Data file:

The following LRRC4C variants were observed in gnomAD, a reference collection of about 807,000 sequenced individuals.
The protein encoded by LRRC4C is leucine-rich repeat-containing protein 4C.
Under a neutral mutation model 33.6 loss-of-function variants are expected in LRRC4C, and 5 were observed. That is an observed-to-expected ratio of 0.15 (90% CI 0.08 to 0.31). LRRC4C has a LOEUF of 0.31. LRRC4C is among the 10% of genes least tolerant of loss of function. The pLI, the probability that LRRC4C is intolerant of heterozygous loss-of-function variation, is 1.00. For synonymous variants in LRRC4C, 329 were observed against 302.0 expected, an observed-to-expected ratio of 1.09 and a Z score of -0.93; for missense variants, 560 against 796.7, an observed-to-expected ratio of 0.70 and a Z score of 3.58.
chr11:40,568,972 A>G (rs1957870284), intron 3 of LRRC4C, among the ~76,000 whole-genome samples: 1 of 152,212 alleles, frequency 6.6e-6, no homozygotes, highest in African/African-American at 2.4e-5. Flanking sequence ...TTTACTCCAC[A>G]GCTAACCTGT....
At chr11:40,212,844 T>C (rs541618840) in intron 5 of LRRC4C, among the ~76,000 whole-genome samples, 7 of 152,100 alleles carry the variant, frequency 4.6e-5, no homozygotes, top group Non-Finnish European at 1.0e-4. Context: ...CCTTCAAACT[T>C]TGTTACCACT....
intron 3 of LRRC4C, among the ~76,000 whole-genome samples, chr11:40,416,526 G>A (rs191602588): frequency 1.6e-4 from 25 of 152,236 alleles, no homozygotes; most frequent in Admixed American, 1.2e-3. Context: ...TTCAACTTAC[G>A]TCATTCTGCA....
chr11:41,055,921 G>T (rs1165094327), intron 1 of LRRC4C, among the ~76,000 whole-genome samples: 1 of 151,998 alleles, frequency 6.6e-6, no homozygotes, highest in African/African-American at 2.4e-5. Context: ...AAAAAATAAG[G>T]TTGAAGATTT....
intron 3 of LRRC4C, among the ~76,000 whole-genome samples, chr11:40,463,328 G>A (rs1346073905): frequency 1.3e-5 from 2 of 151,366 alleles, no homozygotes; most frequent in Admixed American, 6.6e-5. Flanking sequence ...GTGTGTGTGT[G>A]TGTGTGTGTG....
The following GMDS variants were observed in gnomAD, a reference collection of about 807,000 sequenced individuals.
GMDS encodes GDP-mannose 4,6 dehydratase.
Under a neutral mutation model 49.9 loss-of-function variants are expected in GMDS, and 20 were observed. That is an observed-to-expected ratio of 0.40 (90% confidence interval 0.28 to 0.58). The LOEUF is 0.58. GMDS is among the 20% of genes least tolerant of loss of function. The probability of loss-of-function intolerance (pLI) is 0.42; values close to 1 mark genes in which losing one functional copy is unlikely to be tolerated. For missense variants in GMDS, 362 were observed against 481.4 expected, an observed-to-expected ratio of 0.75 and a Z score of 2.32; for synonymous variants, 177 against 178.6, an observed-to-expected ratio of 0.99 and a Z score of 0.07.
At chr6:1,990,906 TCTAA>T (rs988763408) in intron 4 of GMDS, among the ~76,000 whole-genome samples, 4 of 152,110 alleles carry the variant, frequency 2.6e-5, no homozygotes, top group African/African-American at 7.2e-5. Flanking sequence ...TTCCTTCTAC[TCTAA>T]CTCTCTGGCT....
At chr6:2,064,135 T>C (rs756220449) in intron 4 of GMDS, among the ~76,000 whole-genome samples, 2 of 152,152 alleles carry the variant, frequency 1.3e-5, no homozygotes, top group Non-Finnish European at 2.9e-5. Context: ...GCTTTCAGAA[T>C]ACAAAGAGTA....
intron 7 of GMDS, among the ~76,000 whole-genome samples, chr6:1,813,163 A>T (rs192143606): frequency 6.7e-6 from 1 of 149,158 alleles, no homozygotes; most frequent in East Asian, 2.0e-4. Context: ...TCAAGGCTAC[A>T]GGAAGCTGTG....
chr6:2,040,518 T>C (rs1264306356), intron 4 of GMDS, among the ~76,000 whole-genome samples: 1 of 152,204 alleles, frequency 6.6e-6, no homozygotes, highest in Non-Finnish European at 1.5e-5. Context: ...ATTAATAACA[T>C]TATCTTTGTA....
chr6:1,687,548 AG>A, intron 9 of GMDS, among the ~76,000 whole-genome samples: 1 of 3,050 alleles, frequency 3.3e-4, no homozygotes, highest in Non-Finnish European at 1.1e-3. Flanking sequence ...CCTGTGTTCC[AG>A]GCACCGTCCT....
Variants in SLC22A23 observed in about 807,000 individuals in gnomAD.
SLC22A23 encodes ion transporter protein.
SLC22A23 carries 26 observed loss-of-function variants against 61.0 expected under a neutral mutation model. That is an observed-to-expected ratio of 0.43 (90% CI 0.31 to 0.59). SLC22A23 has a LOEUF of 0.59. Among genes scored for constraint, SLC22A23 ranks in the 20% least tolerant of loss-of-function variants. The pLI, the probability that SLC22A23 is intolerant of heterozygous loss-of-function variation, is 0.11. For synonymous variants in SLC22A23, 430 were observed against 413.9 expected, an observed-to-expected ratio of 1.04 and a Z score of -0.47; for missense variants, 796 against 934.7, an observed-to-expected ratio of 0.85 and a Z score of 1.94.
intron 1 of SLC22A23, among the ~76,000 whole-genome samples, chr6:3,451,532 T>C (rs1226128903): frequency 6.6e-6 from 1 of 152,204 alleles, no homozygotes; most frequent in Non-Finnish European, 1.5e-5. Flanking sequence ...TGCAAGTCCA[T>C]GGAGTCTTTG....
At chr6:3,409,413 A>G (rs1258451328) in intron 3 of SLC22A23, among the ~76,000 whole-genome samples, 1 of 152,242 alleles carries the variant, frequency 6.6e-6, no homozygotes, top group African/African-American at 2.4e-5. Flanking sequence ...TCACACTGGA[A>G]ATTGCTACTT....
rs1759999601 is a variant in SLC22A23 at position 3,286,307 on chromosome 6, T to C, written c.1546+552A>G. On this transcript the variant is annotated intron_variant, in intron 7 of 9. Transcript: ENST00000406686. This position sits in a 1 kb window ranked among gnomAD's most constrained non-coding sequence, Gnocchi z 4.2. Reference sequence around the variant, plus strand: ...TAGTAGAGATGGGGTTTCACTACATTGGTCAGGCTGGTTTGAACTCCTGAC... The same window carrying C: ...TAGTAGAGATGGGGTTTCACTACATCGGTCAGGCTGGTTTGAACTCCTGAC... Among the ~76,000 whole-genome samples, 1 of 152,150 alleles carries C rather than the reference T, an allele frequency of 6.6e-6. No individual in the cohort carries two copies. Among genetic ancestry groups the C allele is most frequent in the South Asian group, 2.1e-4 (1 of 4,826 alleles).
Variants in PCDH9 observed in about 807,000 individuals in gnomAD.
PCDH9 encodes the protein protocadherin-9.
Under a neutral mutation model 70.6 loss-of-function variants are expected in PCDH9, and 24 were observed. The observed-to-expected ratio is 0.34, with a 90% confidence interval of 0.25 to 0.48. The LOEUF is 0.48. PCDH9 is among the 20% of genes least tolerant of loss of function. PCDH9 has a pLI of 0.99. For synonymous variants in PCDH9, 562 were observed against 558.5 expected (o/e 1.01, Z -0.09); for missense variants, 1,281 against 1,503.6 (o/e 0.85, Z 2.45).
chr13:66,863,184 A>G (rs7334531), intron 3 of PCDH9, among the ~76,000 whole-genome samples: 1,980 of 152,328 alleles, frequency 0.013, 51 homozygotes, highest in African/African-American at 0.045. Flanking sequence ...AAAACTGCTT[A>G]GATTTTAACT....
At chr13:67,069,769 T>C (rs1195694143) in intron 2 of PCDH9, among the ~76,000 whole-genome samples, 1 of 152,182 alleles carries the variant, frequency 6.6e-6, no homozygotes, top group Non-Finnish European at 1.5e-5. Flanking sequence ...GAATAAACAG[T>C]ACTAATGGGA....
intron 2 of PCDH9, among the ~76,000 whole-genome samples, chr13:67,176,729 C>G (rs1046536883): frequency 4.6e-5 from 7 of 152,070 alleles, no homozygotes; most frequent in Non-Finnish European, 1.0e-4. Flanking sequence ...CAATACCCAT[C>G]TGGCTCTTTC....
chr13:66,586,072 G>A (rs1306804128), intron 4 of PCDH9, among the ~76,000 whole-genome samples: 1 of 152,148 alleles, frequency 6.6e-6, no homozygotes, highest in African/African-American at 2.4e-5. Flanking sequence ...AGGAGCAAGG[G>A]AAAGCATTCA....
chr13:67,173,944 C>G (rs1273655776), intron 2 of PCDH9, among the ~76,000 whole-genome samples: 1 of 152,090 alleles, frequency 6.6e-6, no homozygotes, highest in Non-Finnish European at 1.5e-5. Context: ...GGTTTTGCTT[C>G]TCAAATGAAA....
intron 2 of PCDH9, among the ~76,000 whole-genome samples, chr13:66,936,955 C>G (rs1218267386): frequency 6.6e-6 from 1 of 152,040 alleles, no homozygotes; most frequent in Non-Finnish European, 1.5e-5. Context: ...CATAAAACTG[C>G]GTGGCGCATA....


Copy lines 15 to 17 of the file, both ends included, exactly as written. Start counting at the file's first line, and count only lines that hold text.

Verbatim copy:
chr6:2,040,518 T>C (rs1264306356), intron 4 of GMDS, among the ~76,000 whole-genome samples: 1 of 152,204 alleles, frequency 6.6e-6, no homozygotes, highest in Non-Finnish European at 1.5e-5. Context: ...ATTAATAACA[T>C]TATCTTTGTA....
chr6:1,687,548 AG>A, intron 9 of GMDS, among the ~76,000 whole-genome samples: 1 of 3,050 alleles, frequency 3.3e-4, no homozygotes, highest in Non-Finnish European at 1.1e-3. Flanking sequence ...CCTGTGTTCC[AG>A]GCACCGTCCT....
Variants in SLC22A23 observed in about 807,000 individuals in gnomAD.